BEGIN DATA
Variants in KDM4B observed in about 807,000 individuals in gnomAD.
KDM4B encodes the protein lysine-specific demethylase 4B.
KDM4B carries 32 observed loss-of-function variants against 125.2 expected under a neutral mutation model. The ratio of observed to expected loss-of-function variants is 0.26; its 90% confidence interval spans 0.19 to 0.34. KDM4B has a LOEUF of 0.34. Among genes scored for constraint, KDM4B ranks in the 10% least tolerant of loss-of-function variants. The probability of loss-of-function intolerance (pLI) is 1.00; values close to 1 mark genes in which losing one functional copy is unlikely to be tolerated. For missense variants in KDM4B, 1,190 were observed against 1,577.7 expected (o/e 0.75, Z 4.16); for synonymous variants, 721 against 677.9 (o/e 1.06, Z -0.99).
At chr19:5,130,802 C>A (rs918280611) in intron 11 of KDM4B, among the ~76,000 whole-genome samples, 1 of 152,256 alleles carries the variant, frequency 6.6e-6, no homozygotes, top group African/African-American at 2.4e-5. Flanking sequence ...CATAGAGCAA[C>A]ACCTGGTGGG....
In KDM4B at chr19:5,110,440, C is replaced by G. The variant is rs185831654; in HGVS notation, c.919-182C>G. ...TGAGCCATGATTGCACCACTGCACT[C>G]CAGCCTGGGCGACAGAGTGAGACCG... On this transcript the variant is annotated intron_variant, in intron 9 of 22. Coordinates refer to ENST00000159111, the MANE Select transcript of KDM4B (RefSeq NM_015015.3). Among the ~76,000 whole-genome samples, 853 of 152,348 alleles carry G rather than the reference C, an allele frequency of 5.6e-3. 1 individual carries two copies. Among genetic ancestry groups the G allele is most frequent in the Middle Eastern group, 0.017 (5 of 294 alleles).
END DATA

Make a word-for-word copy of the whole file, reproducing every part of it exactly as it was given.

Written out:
Variants in KDM4B observed in about 807,000 individuals in gnomAD.
KDM4B encodes the protein lysine-specific demethylase 4B.
KDM4B carries 32 observed loss-of-function variants against 125.2 expected under a neutral mutation model. The ratio of observed to expected loss-of-function variants is 0.26; its 90% confidence interval spans 0.19 to 0.34. KDM4B has a LOEUF of 0.34. Among genes scored for constraint, KDM4B ranks in the 10% least tolerant of loss-of-function variants. The probability of loss-of-function intolerance (pLI) is 1.00; values close to 1 mark genes in which losing one functional copy is unlikely to be tolerated. For missense variants in KDM4B, 1,190 were observed against 1,577.7 expected (o/e 0.75, Z 4.16); for synonymous variants, 721 against 677.9 (o/e 1.06, Z -0.99).
At chr19:5,130,802 C>A (rs918280611) in intron 11 of KDM4B, among the ~76,000 whole-genome samples, 1 of 152,256 alleles carries the variant, frequency 6.6e-6, no homozygotes, top group African/African-American at 2.4e-5. Flanking sequence ...CATAGAGCAA[C>A]ACCTGGTGGG....
In KDM4B at chr19:5,110,440, C is replaced by G. The variant is rs185831654; in HGVS notation, c.919-182C>G. ...TGAGCCATGATTGCACCACTGCACT[C>G]CAGCCTGGGCGACAGAGTGAGACCG... On this transcript the variant is annotated intron_variant, in intron 9 of 22. Coordinates refer to ENST00000159111, the MANE Select transcript of KDM4B (RefSeq NM_015015.3). Among the ~76,000 whole-genome samples, 853 of 152,348 alleles carry G rather than the reference C, an allele frequency of 5.6e-3. 1 individual carries two copies. Among genetic ancestry groups the G allele is most frequent in the Middle Eastern group, 0.017 (5 of 294 alleles).